In the basic implementation of the DDFU algorithm, the encoder needs to transmit the five weighting coefficients, η, for each frame and each view. Clearly, it needs to evaluate them by minimizing (4). However, given that in most cases, there are no major changes in the scene content, it is reasonable to assume that those coefficients do not change very much from frame to frame; hence it is not necessary to evaluate them for each frame. This assumption could be verified by Fig. 15 which shows the trend of the weighting coefficients versus frame number. Thus, one way to reduce the overhead transmission of the proposed approach is using directional weighting coefficients of the first frame for the whole sequence (called DDFU (first frame η)). In this approach, the weighting coefficients are only estimated for the first frame and then used for the whole sequence. To verify the effectiveness of this simplified approach, its performance has been compared with the proposed DDFU approach and another simplified approach called in the following DDFU (user defined η), the latter adopts user defined coefficients at the decoder side for the whole sequence. The pre-set values for the DDFU (user defined η) used are η v =1, η h =0, η 45=0.5, η 135=0.5, and η ud =1 for the left and right views which means that all vertical edges and undefined pattern areas are recovered by the directional interpolation algorithm. All recovered horizontal edges are obtained from the virtual view pixels, and the two diagonal direction pixels are obtained by equally fusing the directional interpolated pixels with the virtual view pixels. The results of this comparison are listed in Fig. 16.
Fig. 15

The variance of five η coefficients. The pane shows the five coefficients for the sequence “Dog”. The top left and right figures of the pane are the weighting coefficients of the left and right views, respectively, when QP = 34; the bottom left and right figures of the pane are the weighting coefficients of the left and right views, respectively, when QP = s46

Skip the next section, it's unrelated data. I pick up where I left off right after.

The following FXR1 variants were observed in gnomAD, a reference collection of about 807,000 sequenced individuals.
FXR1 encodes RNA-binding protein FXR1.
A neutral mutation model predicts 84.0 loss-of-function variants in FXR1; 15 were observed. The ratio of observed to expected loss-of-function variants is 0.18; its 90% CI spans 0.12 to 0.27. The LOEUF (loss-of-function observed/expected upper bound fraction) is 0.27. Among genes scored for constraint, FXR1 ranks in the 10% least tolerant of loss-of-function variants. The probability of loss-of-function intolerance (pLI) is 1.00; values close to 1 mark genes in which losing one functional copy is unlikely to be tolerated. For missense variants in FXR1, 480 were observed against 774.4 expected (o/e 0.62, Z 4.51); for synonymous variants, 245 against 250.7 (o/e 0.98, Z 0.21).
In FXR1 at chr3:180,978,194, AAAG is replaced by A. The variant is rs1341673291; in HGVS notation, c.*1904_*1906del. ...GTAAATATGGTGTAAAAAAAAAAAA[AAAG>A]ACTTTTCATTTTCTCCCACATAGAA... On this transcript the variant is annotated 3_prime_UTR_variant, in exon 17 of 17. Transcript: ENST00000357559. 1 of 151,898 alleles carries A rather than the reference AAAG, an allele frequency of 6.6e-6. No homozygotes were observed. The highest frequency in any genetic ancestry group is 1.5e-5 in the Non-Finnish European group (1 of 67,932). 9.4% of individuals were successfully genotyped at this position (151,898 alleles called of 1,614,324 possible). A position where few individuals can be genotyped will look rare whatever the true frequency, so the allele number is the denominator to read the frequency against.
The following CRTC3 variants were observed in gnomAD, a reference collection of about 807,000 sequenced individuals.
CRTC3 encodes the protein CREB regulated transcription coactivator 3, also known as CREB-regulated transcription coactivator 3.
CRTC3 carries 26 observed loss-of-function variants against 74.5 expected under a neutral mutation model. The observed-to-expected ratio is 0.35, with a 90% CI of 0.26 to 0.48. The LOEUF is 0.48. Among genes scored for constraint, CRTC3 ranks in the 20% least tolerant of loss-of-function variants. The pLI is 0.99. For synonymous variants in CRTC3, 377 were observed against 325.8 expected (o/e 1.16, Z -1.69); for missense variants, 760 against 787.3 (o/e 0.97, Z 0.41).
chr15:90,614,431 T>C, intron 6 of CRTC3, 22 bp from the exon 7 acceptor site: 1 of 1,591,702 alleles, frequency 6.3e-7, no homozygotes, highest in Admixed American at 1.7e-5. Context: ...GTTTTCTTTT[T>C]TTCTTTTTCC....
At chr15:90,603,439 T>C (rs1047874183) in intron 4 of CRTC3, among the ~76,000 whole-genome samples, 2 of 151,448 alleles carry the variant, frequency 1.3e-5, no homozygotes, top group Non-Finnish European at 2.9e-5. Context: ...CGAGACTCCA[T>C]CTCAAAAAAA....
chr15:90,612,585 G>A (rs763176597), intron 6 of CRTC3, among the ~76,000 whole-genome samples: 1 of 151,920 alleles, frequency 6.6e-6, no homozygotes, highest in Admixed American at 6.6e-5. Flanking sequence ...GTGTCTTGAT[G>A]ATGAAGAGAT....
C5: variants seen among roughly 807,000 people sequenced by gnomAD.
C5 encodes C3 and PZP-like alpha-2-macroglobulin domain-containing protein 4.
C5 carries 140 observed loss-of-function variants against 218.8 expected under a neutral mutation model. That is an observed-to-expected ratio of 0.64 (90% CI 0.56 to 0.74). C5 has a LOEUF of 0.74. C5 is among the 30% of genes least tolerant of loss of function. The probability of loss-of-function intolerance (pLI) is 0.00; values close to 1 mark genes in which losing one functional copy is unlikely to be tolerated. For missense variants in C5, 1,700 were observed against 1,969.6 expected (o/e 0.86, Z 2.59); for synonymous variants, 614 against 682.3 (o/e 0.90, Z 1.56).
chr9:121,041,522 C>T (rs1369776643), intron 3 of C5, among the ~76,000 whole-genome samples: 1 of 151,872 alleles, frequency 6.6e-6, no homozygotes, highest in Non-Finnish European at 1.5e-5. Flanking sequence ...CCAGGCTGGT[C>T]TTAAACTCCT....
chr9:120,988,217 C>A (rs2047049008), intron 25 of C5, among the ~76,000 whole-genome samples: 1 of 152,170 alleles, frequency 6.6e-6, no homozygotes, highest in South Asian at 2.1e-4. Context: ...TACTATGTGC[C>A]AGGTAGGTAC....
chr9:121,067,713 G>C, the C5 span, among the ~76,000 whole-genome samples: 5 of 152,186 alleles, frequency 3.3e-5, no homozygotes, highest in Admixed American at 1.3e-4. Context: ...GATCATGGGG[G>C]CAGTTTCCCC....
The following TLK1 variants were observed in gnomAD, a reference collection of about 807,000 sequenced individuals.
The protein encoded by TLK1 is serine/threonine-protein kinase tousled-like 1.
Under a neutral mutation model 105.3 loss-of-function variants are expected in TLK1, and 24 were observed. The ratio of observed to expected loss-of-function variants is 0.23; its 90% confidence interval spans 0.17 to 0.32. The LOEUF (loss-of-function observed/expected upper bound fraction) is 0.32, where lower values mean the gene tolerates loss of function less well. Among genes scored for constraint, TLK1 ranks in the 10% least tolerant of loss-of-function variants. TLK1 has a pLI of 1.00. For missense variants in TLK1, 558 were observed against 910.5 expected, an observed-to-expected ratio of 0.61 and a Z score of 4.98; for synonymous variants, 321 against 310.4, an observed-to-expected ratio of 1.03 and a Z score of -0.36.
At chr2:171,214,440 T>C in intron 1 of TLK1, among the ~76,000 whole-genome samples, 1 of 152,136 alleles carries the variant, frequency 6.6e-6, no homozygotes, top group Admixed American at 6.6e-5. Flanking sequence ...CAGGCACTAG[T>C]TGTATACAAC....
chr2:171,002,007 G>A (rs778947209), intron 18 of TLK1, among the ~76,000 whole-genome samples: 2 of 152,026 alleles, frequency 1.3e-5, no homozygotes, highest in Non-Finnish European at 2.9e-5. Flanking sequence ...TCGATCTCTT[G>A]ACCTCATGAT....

Fig. 16

The comparisons of proposed simplified approach. The comparisons of proposed simplified approach with full version approach and user-defined coefficient approach on the testing sequences (a) Doorflower, b Kendo, c Dog, d Balloons, e Newspaper, and f Dancer

From Fig. 16, it can be seen that DDFU and DDFU (first frame η) have almost the same performance for all sequences, which demonstrates the validity and effectiveness of the simplified approach. By comparing the results of DDFU and DDFU (user defined η), the importance of adapting the coefficients to the scene content can be appreciated. The results in Fig. 16 show that the performance of DDFU (first frame η) are better than that of DDFU (user defined η). This is due to the η values for the DDFU (first frame η) are based on the content of the testing sequence, if the content of the sequence does not vary hugely frame by frame, neither does the value of η, while the values of the predetermined η are user defined values, which means they do not take the content of the sequence into account. The performance of DDFU (user defined η) highly depends on how close the predetermined values are to the frame-by-frame evaluated coefficients.

6 Conclusions